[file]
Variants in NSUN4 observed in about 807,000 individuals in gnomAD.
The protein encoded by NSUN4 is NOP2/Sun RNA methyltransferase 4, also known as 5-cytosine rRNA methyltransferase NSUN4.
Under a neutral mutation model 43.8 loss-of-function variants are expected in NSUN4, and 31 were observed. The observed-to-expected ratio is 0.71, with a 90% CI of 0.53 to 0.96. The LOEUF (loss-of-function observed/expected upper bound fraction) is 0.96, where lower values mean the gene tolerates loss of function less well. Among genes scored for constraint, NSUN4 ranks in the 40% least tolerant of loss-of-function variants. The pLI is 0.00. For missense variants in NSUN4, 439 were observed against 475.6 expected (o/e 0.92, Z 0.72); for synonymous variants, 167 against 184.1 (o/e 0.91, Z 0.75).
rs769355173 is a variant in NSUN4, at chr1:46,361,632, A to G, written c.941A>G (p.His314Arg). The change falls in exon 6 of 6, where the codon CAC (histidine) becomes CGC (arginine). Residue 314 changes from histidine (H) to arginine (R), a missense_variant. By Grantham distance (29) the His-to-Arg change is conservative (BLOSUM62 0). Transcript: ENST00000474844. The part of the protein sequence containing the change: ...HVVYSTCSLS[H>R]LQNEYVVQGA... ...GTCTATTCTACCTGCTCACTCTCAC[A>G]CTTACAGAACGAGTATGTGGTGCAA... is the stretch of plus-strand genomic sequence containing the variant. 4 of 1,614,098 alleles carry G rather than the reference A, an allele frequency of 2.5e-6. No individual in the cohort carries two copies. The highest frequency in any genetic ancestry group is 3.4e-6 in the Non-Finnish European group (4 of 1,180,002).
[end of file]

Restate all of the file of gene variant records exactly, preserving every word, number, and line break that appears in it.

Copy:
Variants in NSUN4 observed in about 807,000 individuals in gnomAD.
The protein encoded by NSUN4 is NOP2/Sun RNA methyltransferase 4, also known as 5-cytosine rRNA methyltransferase NSUN4.
Under a neutral mutation model 43.8 loss-of-function variants are expected in NSUN4, and 31 were observed. The observed-to-expected ratio is 0.71, with a 90% CI of 0.53 to 0.96. The LOEUF (loss-of-function observed/expected upper bound fraction) is 0.96, where lower values mean the gene tolerates loss of function less well. Among genes scored for constraint, NSUN4 ranks in the 40% least tolerant of loss-of-function variants. The pLI is 0.00. For missense variants in NSUN4, 439 were observed against 475.6 expected (o/e 0.92, Z 0.72); for synonymous variants, 167 against 184.1 (o/e 0.91, Z 0.75).
rs769355173 is a variant in NSUN4, at chr1:46,361,632, A to G, written c.941A>G (p.His314Arg). The change falls in exon 6 of 6, where the codon CAC (histidine) becomes CGC (arginine). Residue 314 changes from histidine (H) to arginine (R), a missense_variant. By Grantham distance (29) the His-to-Arg change is conservative (BLOSUM62 0). Transcript: ENST00000474844. The part of the protein sequence containing the change: ...HVVYSTCSLS[H>R]LQNEYVVQGA... ...GTCTATTCTACCTGCTCACTCTCAC[A>G]CTTACAGAACGAGTATGTGGTGCAA... is the stretch of plus-strand genomic sequence containing the variant. 4 of 1,614,098 alleles carry G rather than the reference A, an allele frequency of 2.5e-6. No individual in the cohort carries two copies. The highest frequency in any genetic ancestry group is 3.4e-6 in the Non-Finnish European group (4 of 1,180,002).